Academic journal article Journal of Leisure Research

Constraints and Negotiation Processes in a Women's Recreational Sport Group

Academic journal article Journal of Leisure Research

Constraints and Negotiation Processes in a Women's Recreational Sport Group

Article excerpt

As a way of studying participation in recreation, constraints and negotiation have received considerable attention in the literature over the past 25 years (Godbey, Crawford, & Shen, 2010). Constraints are factors that limit participation, and negotiation strategies are the ways that people alleviate the impact of those constraints. Yet, Scott's (1991) earlier observation that the majority of research on constraints had taken an individual perspective, with limited focus on constraints at the group level, still holds (Mannell & Iwasaki, 2005). Such a gap in the literature is significant as research suggests that some individuals prefer to engage in sport and leisure as part of a subculture, and much leisure is social in nature (e.g., Green, 2001; Green & Chalip, 1998; Heuser, 2005; Kyle & Chick, 2002, 2004; Scott & Godbey, 1992).

Recent research has found that participation as a group can facilitate women's persistence in recreational pursuits (e.g., Wood & Danylchuk, 2011). Recreational groups may be particularly beneficial for middle-aged to older women as they can help negotiate or resist societal constraints related to gender and age (Green, 1998). However, recreation in the lives of older women is significantly underexplored, with a few exceptions (e.g., Heuser, 2005; Yarnal, 2004; Yamal, Chick, & Kerstetter, 2008). Employing constraints as a framework represents one fruitful approach (Godbey et al., 2010; Hawkins, Peng, Hsieh, Se Eklund, 1999; Son, Kerstetter, & Mowen, 2008). Shaw and Henderson (2005) suggested that the majority of research involving women has not been guided by a constraints framework. Instead it has focused on the connections between the gendered lives of women and their leisure.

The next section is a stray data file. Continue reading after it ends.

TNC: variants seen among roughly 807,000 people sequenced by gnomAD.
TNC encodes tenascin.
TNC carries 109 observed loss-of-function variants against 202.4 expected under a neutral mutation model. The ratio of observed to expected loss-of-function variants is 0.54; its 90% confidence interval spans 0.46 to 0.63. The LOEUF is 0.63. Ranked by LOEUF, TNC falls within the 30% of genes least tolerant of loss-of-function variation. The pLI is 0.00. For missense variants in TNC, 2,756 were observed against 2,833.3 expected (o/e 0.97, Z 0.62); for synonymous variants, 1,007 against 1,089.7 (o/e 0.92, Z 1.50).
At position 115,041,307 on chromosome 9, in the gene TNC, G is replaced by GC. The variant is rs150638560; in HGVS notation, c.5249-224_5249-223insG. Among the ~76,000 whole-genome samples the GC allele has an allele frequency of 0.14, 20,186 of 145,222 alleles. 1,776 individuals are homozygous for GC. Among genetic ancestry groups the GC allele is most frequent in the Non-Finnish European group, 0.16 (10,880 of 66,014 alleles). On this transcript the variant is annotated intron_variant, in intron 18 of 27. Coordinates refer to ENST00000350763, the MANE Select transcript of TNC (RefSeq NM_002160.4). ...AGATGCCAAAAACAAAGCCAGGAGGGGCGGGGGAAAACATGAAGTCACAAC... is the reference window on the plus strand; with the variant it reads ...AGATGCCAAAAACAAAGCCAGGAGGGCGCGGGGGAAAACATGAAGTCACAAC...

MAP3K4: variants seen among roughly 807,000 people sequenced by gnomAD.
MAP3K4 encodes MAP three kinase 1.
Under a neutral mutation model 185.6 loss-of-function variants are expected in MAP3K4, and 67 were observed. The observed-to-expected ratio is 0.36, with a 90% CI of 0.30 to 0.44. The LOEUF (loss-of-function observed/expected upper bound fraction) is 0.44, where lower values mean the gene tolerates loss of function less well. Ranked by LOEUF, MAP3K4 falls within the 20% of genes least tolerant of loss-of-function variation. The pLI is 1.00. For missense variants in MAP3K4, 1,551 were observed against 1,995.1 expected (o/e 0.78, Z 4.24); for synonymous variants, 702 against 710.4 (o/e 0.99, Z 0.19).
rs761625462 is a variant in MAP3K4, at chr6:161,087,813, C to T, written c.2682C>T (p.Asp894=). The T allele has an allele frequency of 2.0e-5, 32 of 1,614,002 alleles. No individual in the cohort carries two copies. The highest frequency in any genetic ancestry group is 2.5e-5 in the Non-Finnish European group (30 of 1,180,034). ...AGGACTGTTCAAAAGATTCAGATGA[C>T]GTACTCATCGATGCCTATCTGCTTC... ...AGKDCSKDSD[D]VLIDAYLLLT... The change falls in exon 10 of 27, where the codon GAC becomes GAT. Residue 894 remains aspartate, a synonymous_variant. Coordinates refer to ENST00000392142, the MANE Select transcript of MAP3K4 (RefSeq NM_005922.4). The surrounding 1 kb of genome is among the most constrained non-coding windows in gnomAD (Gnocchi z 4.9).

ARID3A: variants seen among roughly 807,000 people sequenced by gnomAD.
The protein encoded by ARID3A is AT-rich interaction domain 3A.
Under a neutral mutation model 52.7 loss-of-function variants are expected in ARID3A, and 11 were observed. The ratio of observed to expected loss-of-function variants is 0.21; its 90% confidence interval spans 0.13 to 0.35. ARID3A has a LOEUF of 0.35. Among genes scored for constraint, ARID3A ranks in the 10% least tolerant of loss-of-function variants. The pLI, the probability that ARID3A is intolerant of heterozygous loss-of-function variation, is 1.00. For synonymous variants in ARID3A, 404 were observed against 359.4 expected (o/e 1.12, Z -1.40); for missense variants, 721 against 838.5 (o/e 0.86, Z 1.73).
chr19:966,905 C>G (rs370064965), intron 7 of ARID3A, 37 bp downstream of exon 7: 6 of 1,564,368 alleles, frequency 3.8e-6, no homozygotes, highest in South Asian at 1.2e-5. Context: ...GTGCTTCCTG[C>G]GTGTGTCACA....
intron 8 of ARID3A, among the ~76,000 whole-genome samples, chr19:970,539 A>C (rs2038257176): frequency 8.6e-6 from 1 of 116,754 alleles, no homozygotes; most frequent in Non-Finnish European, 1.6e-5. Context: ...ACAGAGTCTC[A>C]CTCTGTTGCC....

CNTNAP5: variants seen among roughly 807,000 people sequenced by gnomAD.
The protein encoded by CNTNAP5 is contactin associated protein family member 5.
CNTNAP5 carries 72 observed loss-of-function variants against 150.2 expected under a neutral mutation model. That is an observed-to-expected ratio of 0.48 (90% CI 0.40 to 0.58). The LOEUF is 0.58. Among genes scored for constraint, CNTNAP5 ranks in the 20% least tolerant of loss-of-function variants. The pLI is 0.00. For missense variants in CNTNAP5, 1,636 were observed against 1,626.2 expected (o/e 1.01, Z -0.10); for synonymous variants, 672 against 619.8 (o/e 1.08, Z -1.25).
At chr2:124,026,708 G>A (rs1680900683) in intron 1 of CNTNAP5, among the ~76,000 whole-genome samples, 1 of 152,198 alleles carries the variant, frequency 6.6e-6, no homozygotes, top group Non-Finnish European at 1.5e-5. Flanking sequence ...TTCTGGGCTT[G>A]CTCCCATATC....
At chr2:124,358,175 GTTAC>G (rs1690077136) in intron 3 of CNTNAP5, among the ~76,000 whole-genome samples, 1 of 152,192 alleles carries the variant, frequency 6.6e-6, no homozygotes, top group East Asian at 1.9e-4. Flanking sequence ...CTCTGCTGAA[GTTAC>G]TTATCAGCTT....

Research that has been conducted utilizing a constraints framework has found that women are more constrained in their leisure as compared to men (e.g., Hudson, 2000; Jackson & Henderson, 1995) and that these constraints are the result of socially derived gender role expectations (Shaw & Henderson, 2005). Examining constraints and their impact within a recreation group may provide insight into the group's ability to operate and engage in activities as a collective and into the group's role in helping individuals manage participation-related constraints. Acquiring an understanding of the factors that influence participation in recreation for individuals in mid to later life could assist in the development of effective solutions for increasing participation among this population (Son, Kerstetter et al., 2008).

Midlife (approximately 40-60 years of age) is accompanied by changes in life circumstances (Stalp, Radina, & Lynch, 2008), such as current or upcoming retirement from paid work, partners beginning to retire, and children, if present, moving away from home permanently (Shapiro, 1996). This stage is also characterized by increased opportunities for women to engage in their own recreational activities (Stalp et al., 2008). As a woman in Wood and Danylchuk's (2011) study said, "I'm now able to come out and play again." Considerations of age and gender have also been called for in constraints-based research (e.g., Alexandris & Carroll, 1997; Jackson, 2000; Shaw & Henderson, 2005; Son, Kerstetter et al., 2008). Thus, the purpose of this study is to develop an understanding of constraints and negotiation processes in a self-organized women's recreation group.

Literature Review

Research related to recreation groups, leisure constraints, and negotiation strategies are particularly relevant to the examination of constraints in a women's recreation group. Thus, research conducted within these areas is reviewed below. This section is concluded with a critique of existing constraints research.

Recreation Groups

Although participating in sport and leisure is often a social experience, there is a paucity of research on recreation groups (Heuser, 2005; Scott, 1991; Scott & Godbey, 1992; Yamal et al. …

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